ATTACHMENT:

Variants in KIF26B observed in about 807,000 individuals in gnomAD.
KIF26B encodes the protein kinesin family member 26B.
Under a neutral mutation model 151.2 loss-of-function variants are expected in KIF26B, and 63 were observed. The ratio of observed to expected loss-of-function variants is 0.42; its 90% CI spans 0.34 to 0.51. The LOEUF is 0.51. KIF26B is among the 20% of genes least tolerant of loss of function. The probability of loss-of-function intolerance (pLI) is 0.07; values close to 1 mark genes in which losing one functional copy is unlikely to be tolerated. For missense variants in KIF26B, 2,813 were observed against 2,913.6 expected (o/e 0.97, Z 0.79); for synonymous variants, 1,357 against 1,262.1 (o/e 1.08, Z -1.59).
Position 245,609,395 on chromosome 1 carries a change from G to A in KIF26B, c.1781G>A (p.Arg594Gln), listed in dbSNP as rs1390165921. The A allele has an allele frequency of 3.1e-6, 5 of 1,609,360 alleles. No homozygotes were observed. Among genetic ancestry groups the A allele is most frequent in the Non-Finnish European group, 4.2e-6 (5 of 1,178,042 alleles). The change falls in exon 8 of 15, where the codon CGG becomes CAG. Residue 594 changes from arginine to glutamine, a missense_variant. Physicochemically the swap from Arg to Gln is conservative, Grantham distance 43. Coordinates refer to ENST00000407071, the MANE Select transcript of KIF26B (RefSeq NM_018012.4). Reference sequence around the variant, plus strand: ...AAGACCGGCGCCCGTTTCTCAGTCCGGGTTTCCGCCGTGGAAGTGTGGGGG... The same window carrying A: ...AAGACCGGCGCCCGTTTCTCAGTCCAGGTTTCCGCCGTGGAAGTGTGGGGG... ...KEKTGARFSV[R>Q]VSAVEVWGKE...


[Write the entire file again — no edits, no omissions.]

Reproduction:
Variants in KIF26B observed in about 807,000 individuals in gnomAD.
KIF26B encodes the protein kinesin family member 26B.
Under a neutral mutation model 151.2 loss-of-function variants are expected in KIF26B, and 63 were observed. The ratio of observed to expected loss-of-function variants is 0.42; its 90% CI spans 0.34 to 0.51. The LOEUF is 0.51. KIF26B is among the 20% of genes least tolerant of loss of function. The probability of loss-of-function intolerance (pLI) is 0.07; values close to 1 mark genes in which losing one functional copy is unlikely to be tolerated. For missense variants in KIF26B, 2,813 were observed against 2,913.6 expected (o/e 0.97, Z 0.79); for synonymous variants, 1,357 against 1,262.1 (o/e 1.08, Z -1.59).
Position 245,609,395 on chromosome 1 carries a change from G to A in KIF26B, c.1781G>A (p.Arg594Gln), listed in dbSNP as rs1390165921. The A allele has an allele frequency of 3.1e-6, 5 of 1,609,360 alleles. No homozygotes were observed. Among genetic ancestry groups the A allele is most frequent in the Non-Finnish European group, 4.2e-6 (5 of 1,178,042 alleles). The change falls in exon 8 of 15, where the codon CGG becomes CAG. Residue 594 changes from arginine to glutamine, a missense_variant. Physicochemically the swap from Arg to Gln is conservative, Grantham distance 43. Coordinates refer to ENST00000407071, the MANE Select transcript of KIF26B (RefSeq NM_018012.4). Reference sequence around the variant, plus strand: ...AAGACCGGCGCCCGTTTCTCAGTCCGGGTTTCCGCCGTGGAAGTGTGGGGG... The same window carrying A: ...AAGACCGGCGCCCGTTTCTCAGTCCAGGTTTCCGCCGTGGAAGTGTGGGGG... ...KEKTGARFSV[R>Q]VSAVEVWGKE...